Australian Law Reform Commission Releases Final Report on Royal Commissions
The report recommends that the Royal Commissions Act 1902 (Cth) be amended and renamed the Inquiries Act to provide for the establishment of two tiers of public inquiry, Royal Commissions and Official Inquiries:
"Royal Commissions should be the highest form of inquiry established to look into matters of substantial public importance. While it was suggested by some stakeholders that the word ‘royal’ should not be used, the ALRC recommends no change to the title ‘Royal Commission’. This is for two main reasons. First, the term ‘Royal Commission’ is very well-known, which means that it is a clear way to communicate to the public the extraordinary nature of such an inquiry. Secondly, the title ‘Royal Commission’ is helpful in that it indicates how the highest form of public inquiry is established—namely by the Governor-General of Australia (...)"Earlier Library Boy posts about the ALRC's examination of royal commissions include:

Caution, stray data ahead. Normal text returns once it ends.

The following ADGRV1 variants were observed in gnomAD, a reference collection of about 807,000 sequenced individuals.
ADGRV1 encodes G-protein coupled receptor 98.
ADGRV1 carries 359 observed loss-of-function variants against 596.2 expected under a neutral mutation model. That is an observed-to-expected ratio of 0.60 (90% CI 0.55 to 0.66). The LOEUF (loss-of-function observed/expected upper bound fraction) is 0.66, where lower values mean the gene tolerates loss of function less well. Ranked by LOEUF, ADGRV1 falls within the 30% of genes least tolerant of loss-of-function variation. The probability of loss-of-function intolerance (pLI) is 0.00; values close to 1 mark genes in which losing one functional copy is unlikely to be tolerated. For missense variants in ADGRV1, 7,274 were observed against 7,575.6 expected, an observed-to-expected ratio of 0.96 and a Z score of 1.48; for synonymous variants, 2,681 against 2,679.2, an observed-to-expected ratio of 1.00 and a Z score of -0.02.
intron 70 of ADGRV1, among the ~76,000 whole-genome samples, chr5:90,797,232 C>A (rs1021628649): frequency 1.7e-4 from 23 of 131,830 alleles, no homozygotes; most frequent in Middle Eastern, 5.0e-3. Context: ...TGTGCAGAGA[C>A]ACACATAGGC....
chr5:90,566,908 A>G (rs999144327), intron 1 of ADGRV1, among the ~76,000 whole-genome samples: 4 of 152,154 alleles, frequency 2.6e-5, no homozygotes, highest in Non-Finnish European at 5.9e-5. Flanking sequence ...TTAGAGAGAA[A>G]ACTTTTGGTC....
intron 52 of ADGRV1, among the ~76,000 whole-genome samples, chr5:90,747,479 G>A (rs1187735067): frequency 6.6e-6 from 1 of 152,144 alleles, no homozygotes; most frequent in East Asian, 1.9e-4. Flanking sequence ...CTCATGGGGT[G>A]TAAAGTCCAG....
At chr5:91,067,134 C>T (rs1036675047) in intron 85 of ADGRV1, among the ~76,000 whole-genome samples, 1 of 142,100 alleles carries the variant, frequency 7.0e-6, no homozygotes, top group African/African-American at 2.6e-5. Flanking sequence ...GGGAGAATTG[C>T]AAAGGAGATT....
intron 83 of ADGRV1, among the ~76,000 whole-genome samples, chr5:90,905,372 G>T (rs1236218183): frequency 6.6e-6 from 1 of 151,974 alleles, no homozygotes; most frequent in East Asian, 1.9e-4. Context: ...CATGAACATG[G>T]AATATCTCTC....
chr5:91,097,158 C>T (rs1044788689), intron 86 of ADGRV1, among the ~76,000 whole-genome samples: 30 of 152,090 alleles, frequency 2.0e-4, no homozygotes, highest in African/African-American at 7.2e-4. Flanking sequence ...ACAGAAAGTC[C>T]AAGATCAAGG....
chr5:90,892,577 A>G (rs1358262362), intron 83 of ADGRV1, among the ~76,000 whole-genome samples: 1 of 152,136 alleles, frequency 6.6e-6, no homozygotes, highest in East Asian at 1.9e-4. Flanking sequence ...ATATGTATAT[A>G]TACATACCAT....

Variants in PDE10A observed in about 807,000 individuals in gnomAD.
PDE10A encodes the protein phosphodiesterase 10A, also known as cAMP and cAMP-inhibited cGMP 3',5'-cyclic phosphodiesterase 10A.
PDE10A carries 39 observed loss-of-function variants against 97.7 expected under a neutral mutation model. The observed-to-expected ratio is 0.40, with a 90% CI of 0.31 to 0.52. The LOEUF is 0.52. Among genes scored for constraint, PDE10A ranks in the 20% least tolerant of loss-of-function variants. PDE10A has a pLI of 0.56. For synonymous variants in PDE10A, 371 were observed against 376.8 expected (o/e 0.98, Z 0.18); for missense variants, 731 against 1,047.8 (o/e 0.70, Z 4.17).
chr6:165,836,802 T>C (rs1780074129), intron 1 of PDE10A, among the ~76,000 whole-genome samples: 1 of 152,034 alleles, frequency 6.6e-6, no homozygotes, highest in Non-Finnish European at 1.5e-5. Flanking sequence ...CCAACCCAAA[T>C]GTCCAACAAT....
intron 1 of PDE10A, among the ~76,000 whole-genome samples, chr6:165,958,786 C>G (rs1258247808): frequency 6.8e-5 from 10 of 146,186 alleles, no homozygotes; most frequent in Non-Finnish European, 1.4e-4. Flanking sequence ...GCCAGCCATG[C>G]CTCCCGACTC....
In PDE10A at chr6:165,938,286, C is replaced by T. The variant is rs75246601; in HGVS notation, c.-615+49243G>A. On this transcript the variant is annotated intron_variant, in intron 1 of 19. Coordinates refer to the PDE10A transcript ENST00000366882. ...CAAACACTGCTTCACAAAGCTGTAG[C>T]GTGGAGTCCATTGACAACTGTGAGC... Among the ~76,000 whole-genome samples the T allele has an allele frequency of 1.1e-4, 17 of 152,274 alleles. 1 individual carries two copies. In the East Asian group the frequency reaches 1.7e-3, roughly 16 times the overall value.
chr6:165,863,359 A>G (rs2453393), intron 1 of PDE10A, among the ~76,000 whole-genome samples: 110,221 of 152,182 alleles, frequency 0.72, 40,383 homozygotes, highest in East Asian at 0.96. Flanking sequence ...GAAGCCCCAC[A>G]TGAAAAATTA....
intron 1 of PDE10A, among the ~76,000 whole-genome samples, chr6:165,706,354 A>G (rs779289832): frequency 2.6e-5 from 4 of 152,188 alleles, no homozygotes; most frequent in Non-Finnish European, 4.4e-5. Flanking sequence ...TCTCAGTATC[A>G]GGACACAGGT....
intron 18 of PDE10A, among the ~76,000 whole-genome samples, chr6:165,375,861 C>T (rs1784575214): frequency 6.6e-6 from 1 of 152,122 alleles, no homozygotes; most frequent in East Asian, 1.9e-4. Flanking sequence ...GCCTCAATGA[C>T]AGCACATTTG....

"It is recommended that the second tier of inquiry be called ‘Official Inquiries’. Such inquiries should be established by a minister to look into matters of public importance. The ALRC recommends that a number of distinctions be drawn between the two tiers of inquiry to ensure that each inquiry has the necessary tools to carry out its investigations without inappropriately infringing on the rights of persons involved with, or affected by, its processes. In addition to the way each inquiry is established, the coercive powers that may be exercised by each tier of inquiry is also a key distinction..."
- Australian Law Reform Commission to Examine Royal Commissions (April 6, 2009): "The goal is to examine whether less formal, less time-consuming, and more cost efficient forms of inquiry into controversial issues are feasible. Royal Commissions are independent public inquiries that are conducted on an ad hoc basis by an entity commissioned by, but external to, the government."
- Australian Law Reform Commission Releases Discussion Paper on Royal Commissions (August 19, 2009): "The ALRC is recommending ways to ensure that official inquiries have adequate investigatory powers while at the same time ensuring the protection of the rights of individuals concerned. This would put what are now simply 'ad hoc inquiries' on the same solid footing as more formal Royal Commissions."